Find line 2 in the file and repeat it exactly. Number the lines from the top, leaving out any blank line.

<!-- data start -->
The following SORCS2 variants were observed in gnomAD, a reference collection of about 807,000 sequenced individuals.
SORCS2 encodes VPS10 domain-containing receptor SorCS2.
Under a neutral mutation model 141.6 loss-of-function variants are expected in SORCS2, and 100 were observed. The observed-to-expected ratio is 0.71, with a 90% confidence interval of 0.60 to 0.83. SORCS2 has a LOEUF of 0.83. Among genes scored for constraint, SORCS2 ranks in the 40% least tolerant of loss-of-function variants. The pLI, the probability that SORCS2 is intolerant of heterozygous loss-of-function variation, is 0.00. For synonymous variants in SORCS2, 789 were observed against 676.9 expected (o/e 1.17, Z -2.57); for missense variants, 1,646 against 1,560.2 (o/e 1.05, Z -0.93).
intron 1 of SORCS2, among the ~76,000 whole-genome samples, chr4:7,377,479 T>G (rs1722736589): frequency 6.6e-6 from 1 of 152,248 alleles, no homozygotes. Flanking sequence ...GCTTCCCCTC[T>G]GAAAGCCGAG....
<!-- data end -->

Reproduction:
SORCS2 encodes VPS10 domain-containing receptor SorCS2.